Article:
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In an effort to clarify the original intent of pegging areas for further study as part of San Mateo’s General Plan update, city officials will review a proposal to remove one- and two-family residential properties from the study areas at a study session Monday. 

Initiated in 2017, the city’s 2040 General Plan update is aimed at setting a vision for the city and the policies guiding its growth in the next 20 years, and is expected to include discussions on housing, land use policy, circulation, open space, noise, safety and conservation. The effort to peg sections of the city for further study resulted in 11 proposed study areas approved at the City Council’s Aug. 19 meeting, after several community meetings and public hearings were held over the summer with residents to shape them. 

In response to concerns that had been raised that the North Central neighborhood had been singled out among the residential neighborhoods for study, city officials explained at the Aug. 19 meeting that the study areas would help officials and residents focus their efforts on specific parts of the city for study of a range of changes — including preservation or no change, street improvements, measures to enhance circulation, and upzoning, among others. 

But those concerns lingered for the Home Association of North Central San Mateo, which wrote in a Sept. 29 letter to the City Council that the association would oppose consideration of upzoning in the city’s residentially-zoned land until the city creates a more equitable distribution of study areas. In response to feedback from residents and the City Council since the Aug. 19 meeting, staff from the city’s Community Development and Public Works departments have identified opportunities for the city to take on concurrent studies related to transportation, infrastructure and multi-modal access that can inform the General Plan process, said Community Development Director Kohar Kojayan. 

She said the proposed elimination of one- and two-family residential properties in the city from the study areas is consistent with the original intent of the study area process and is aimed at further clarifying that the effort to scope where future growth will take shape in the city will initially focus on non-residential properties.

Kojayan noted officials are hoping any supplemental studies that are done through grant opportunities or in collaboration with San Mateo County Health’s Public Health, Policy, and Planning Division can, together with the study of land-use analysis, can be woven into the General Plan update process. She emphasized the importance of community feedback in informing the General Plan update, and noted officials are focused on ensuring the process is iterative and responsive to resident input. 

“If it’s a community-led process, it’s a successful process,” she said. 

Though North Central resident Adam Nugent felt staff’s proposal was a step in the right direction, he remained concerned about the neighborhood’s position as the only residential neighborhood pegged for study. Also president of the Home Association of North Central San Mateo, Nugent questioned the continued inclusion of residentially-zoned land that falls outside the one- and two-family properties. He noted residential areas zoned for more dense developments like apartment buildings tend to on average be home to lower-income residents, and worried including them in the study areas could put those residents at risk for experiencing future changes more than other residents might.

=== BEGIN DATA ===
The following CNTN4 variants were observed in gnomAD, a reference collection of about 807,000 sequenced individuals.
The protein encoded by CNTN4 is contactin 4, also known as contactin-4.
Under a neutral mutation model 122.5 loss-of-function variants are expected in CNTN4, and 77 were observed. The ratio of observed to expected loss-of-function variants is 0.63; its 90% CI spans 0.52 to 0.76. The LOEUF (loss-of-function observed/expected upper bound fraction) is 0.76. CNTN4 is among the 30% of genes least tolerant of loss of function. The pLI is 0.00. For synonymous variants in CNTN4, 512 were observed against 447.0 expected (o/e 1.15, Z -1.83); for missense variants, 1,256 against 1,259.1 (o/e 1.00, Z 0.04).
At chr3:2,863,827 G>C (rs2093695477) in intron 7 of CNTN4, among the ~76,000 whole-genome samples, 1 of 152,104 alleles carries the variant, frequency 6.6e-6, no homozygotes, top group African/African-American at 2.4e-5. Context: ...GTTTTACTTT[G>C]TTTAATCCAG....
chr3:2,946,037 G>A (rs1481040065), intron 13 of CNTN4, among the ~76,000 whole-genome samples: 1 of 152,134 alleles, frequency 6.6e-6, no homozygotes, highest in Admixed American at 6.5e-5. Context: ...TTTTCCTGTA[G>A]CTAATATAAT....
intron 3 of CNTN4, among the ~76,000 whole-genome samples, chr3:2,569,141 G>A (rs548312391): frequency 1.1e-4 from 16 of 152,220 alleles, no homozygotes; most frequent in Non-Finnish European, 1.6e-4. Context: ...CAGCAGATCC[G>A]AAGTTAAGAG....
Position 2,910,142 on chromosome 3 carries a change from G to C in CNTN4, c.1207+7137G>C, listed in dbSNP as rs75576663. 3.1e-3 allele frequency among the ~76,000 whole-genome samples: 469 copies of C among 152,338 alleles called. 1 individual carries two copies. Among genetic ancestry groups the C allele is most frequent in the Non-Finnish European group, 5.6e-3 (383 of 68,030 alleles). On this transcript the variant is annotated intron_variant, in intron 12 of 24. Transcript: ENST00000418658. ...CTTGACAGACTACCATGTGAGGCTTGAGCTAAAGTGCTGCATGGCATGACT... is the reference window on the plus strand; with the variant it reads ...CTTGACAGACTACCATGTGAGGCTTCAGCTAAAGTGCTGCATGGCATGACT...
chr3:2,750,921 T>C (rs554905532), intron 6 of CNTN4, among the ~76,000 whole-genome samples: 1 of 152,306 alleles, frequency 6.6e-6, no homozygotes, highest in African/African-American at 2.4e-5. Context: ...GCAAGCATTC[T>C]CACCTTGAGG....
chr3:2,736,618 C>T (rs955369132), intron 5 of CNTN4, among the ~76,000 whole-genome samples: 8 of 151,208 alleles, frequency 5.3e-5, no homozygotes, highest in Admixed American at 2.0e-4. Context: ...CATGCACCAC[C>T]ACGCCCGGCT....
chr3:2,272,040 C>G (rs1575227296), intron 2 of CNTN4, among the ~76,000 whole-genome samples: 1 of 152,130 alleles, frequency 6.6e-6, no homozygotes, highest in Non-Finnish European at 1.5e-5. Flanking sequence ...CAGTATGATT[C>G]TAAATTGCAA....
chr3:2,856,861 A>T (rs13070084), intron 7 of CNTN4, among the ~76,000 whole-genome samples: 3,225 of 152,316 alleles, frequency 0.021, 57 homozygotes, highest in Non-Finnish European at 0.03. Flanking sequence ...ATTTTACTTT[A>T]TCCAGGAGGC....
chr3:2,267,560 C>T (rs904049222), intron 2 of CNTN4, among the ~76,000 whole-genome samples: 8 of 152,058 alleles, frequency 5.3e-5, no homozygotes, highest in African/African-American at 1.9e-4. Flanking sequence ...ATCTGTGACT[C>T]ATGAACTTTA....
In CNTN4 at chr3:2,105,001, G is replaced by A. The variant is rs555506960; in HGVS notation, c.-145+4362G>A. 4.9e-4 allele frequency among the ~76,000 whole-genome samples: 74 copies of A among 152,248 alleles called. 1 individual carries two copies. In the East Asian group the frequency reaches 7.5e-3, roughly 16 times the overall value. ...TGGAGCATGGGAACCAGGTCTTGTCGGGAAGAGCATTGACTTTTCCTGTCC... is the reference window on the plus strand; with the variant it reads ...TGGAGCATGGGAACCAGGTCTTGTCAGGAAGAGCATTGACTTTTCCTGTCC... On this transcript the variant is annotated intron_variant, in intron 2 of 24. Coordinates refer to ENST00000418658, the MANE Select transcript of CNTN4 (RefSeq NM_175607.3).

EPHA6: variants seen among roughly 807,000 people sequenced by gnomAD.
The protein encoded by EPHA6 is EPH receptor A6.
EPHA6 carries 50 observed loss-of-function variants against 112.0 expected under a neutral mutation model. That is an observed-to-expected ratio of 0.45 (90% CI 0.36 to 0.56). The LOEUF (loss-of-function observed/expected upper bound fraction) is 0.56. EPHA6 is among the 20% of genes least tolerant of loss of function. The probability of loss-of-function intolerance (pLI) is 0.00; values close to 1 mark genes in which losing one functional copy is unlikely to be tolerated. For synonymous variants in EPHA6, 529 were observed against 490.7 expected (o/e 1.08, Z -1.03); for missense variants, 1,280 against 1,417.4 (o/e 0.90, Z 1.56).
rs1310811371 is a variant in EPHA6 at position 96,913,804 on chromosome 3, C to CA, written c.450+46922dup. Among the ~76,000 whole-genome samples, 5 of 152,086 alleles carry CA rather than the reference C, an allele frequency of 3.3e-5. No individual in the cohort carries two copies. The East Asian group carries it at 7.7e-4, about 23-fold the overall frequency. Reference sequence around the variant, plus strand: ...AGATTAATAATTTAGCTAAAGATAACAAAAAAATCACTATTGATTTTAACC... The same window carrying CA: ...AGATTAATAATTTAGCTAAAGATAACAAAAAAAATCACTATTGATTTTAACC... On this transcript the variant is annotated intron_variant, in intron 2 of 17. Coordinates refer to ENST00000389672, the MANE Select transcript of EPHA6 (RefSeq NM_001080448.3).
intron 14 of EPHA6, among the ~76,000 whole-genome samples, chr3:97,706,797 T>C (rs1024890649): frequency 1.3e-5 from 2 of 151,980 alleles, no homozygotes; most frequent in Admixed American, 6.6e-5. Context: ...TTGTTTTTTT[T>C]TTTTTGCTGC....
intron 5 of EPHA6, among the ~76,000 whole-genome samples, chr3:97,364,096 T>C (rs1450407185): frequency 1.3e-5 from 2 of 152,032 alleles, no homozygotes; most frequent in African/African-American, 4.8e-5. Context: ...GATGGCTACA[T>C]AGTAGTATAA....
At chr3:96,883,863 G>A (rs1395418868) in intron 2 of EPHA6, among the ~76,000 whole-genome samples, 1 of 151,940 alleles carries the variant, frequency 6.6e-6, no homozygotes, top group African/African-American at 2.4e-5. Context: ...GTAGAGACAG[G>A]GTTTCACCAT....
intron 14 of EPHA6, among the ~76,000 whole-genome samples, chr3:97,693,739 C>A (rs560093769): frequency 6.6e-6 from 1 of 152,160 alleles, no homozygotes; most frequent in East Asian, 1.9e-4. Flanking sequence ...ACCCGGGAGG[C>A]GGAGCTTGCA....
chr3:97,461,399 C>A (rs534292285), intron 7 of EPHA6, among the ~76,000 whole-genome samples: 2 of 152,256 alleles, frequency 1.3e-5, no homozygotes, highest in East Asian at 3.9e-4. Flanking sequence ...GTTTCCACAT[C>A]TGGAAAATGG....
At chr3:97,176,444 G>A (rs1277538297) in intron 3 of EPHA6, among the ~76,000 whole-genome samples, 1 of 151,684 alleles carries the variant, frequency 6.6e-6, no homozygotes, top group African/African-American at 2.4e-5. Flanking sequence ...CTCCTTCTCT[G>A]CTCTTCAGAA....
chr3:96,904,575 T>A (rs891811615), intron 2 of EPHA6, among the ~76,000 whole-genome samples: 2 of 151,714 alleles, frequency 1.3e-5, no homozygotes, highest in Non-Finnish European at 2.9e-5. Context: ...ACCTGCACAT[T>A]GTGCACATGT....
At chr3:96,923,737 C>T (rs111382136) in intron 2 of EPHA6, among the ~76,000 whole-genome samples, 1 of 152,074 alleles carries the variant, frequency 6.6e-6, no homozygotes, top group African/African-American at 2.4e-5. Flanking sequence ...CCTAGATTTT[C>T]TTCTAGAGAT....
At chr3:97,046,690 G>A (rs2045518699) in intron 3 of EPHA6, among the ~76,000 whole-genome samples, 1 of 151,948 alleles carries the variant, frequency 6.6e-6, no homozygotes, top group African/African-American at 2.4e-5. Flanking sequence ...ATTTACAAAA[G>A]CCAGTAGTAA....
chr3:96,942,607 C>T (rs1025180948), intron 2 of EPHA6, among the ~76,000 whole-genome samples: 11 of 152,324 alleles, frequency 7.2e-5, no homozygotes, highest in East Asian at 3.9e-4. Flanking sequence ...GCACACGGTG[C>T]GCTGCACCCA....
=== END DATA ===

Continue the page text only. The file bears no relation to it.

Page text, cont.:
“We’re not against the study of one- and two-family residentially zoned areas,” he said. “Yes, it should be studied, but it should be studied more equitably throughout the city.”  

Nugent acknowledged the North Central neighborhood has a history of not being invested in as much as other neighborhoods in the past, and said residents are hoping those themes don’t continue as the city looks toward planning what it could look like in the next 20 years. 

“I think that the city should see what our commercial and other-zoned properties can provide at this point and see if that gets us to where we need to go,” he said. 

Kojayan said city staff are working to do even more outreach into the community to gather input on the city’s General Plan process. By inviting the Peninsula Conflict Resolution Center, a community-based nonprofit, to join the General Plan team, outreach has expanded to include Spanish-language programming and a plan to reach residents and neighborhoods that have not previously participated, she said. 

Kojayan noted officials successfully engaged residents on what they perceive their future needs to look like during the San Mateo’s September Nights, a series of community events aimed at celebrating the city’s 125th anniversary. She hoped they could continue to find ways to meet residents where they are. 

“This is a community process,” she said. “It’s iterative and, as we get community feedback, we will make changes.” 

In other business, the council will review a $1.5 million agreement with IPS Group, Inc. to implement downtown parking technology improvements, including new parking pay stations, single-space parking meters and signs showing the real-time availability of parking space in downtown parking garages, among others. Though it was initially advertised for construction in November 2017, the project has been delayed because previously-submitted bids did not comply with the Federal Highway Administration’s Buy America requirements for steel and iron materials. Because the lowest total bid using domestic steel and iron was 42% more than the lowest total bid for the project using foreign materials when the project was advertised for construction in March, the requirement was satisfied by IPS Group’s bid, according to a staff report. 

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